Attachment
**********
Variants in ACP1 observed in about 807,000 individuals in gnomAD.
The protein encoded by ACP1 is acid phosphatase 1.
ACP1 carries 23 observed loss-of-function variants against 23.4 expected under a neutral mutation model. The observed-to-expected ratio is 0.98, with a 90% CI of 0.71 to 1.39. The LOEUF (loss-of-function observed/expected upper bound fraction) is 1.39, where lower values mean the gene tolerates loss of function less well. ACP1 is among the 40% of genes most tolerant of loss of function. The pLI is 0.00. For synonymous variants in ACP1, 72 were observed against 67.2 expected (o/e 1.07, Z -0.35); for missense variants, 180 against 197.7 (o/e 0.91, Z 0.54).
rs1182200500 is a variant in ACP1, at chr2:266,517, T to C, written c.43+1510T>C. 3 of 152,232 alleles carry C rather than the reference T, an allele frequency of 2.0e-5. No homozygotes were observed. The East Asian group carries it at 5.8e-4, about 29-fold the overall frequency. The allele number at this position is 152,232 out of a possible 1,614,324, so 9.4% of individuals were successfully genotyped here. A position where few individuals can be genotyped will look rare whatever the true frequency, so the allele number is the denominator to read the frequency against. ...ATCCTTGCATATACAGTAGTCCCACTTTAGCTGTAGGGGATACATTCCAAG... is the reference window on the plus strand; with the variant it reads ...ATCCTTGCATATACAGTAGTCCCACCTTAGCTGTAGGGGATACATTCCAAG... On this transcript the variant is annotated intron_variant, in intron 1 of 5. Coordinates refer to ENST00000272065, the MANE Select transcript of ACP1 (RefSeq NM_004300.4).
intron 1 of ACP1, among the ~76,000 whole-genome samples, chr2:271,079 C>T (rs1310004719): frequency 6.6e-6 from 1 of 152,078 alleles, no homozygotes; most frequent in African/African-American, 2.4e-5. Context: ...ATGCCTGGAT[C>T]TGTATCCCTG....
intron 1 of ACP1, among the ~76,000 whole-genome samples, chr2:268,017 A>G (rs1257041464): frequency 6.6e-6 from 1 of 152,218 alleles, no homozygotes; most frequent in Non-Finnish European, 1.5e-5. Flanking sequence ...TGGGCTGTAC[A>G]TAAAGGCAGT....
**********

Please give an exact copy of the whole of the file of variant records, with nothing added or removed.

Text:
Variants in ACP1 observed in about 807,000 individuals in gnomAD.
The protein encoded by ACP1 is acid phosphatase 1.
ACP1 carries 23 observed loss-of-function variants against 23.4 expected under a neutral mutation model. The observed-to-expected ratio is 0.98, with a 90% CI of 0.71 to 1.39. The LOEUF (loss-of-function observed/expected upper bound fraction) is 1.39, where lower values mean the gene tolerates loss of function less well. ACP1 is among the 40% of genes most tolerant of loss of function. The pLI is 0.00. For synonymous variants in ACP1, 72 were observed against 67.2 expected (o/e 1.07, Z -0.35); for missense variants, 180 against 197.7 (o/e 0.91, Z 0.54).
rs1182200500 is a variant in ACP1, at chr2:266,517, T to C, written c.43+1510T>C. 3 of 152,232 alleles carry C rather than the reference T, an allele frequency of 2.0e-5. No homozygotes were observed. The East Asian group carries it at 5.8e-4, about 29-fold the overall frequency. The allele number at this position is 152,232 out of a possible 1,614,324, so 9.4% of individuals were successfully genotyped here. A position where few individuals can be genotyped will look rare whatever the true frequency, so the allele number is the denominator to read the frequency against. ...ATCCTTGCATATACAGTAGTCCCACTTTAGCTGTAGGGGATACATTCCAAG... is the reference window on the plus strand; with the variant it reads ...ATCCTTGCATATACAGTAGTCCCACCTTAGCTGTAGGGGATACATTCCAAG... On this transcript the variant is annotated intron_variant, in intron 1 of 5. Coordinates refer to ENST00000272065, the MANE Select transcript of ACP1 (RefSeq NM_004300.4).
intron 1 of ACP1, among the ~76,000 whole-genome samples, chr2:271,079 C>T (rs1310004719): frequency 6.6e-6 from 1 of 152,078 alleles, no homozygotes; most frequent in African/African-American, 2.4e-5. Context: ...ATGCCTGGAT[C>T]TGTATCCCTG....
intron 1 of ACP1, among the ~76,000 whole-genome samples, chr2:268,017 A>G (rs1257041464): frequency 6.6e-6 from 1 of 152,218 alleles, no homozygotes; most frequent in Non-Finnish European, 1.5e-5. Flanking sequence ...TGGGCTGTAC[A>G]TAAAGGCAGT....